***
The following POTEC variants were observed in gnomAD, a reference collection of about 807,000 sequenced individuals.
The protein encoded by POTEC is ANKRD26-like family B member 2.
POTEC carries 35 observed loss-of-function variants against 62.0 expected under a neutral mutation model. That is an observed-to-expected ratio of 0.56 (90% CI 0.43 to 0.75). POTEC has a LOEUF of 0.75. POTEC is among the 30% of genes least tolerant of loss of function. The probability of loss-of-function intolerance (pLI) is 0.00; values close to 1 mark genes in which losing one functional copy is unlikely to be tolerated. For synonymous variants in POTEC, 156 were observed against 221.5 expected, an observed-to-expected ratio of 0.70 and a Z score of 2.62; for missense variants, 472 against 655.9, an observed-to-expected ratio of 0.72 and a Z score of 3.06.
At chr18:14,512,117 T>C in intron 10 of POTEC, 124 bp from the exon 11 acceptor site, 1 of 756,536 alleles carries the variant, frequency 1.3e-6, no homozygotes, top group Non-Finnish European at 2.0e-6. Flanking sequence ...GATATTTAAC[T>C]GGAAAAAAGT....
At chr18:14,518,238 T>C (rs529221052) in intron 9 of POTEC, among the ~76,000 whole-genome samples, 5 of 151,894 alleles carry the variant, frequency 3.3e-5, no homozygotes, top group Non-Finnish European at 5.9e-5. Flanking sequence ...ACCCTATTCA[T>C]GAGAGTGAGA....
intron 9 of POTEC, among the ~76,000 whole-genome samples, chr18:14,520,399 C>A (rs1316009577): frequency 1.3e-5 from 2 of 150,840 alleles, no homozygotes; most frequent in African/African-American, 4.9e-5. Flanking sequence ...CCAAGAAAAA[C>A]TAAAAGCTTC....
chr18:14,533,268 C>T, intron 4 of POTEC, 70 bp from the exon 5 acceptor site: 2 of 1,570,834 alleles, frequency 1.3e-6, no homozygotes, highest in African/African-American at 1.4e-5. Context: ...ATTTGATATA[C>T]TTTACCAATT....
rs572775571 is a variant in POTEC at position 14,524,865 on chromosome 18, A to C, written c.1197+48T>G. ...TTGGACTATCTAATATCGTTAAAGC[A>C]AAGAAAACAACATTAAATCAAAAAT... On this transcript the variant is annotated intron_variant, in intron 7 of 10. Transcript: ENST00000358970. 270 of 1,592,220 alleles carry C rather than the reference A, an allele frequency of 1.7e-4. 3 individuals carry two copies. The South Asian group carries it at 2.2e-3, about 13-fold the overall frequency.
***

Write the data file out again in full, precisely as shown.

The following POTEC variants were observed in gnomAD, a reference collection of about 807,000 sequenced individuals.
The protein encoded by POTEC is ANKRD26-like family B member 2.
POTEC carries 35 observed loss-of-function variants against 62.0 expected under a neutral mutation model. That is an observed-to-expected ratio of 0.56 (90% CI 0.43 to 0.75). POTEC has a LOEUF of 0.75. POTEC is among the 30% of genes least tolerant of loss of function. The probability of loss-of-function intolerance (pLI) is 0.00; values close to 1 mark genes in which losing one functional copy is unlikely to be tolerated. For synonymous variants in POTEC, 156 were observed against 221.5 expected, an observed-to-expected ratio of 0.70 and a Z score of 2.62; for missense variants, 472 against 655.9, an observed-to-expected ratio of 0.72 and a Z score of 3.06.
At chr18:14,512,117 T>C in intron 10 of POTEC, 124 bp from the exon 11 acceptor site, 1 of 756,536 alleles carries the variant, frequency 1.3e-6, no homozygotes, top group Non-Finnish European at 2.0e-6. Flanking sequence ...GATATTTAAC[T>C]GGAAAAAAGT....
At chr18:14,518,238 T>C (rs529221052) in intron 9 of POTEC, among the ~76,000 whole-genome samples, 5 of 151,894 alleles carry the variant, frequency 3.3e-5, no homozygotes, top group Non-Finnish European at 5.9e-5. Flanking sequence ...ACCCTATTCA[T>C]GAGAGTGAGA....
intron 9 of POTEC, among the ~76,000 whole-genome samples, chr18:14,520,399 C>A (rs1316009577): frequency 1.3e-5 from 2 of 150,840 alleles, no homozygotes; most frequent in African/African-American, 4.9e-5. Flanking sequence ...CCAAGAAAAA[C>A]TAAAAGCTTC....
chr18:14,533,268 C>T, intron 4 of POTEC, 70 bp from the exon 5 acceptor site: 2 of 1,570,834 alleles, frequency 1.3e-6, no homozygotes, highest in African/African-American at 1.4e-5. Context: ...ATTTGATATA[C>T]TTTACCAATT....
rs572775571 is a variant in POTEC at position 14,524,865 on chromosome 18, A to C, written c.1197+48T>G. ...TTGGACTATCTAATATCGTTAAAGC[A>C]AAGAAAACAACATTAAATCAAAAAT... On this transcript the variant is annotated intron_variant, in intron 7 of 10. Transcript: ENST00000358970. 270 of 1,592,220 alleles carry C rather than the reference A, an allele frequency of 1.7e-4. 3 individuals carry two copies. The South Asian group carries it at 2.2e-3, about 13-fold the overall frequency.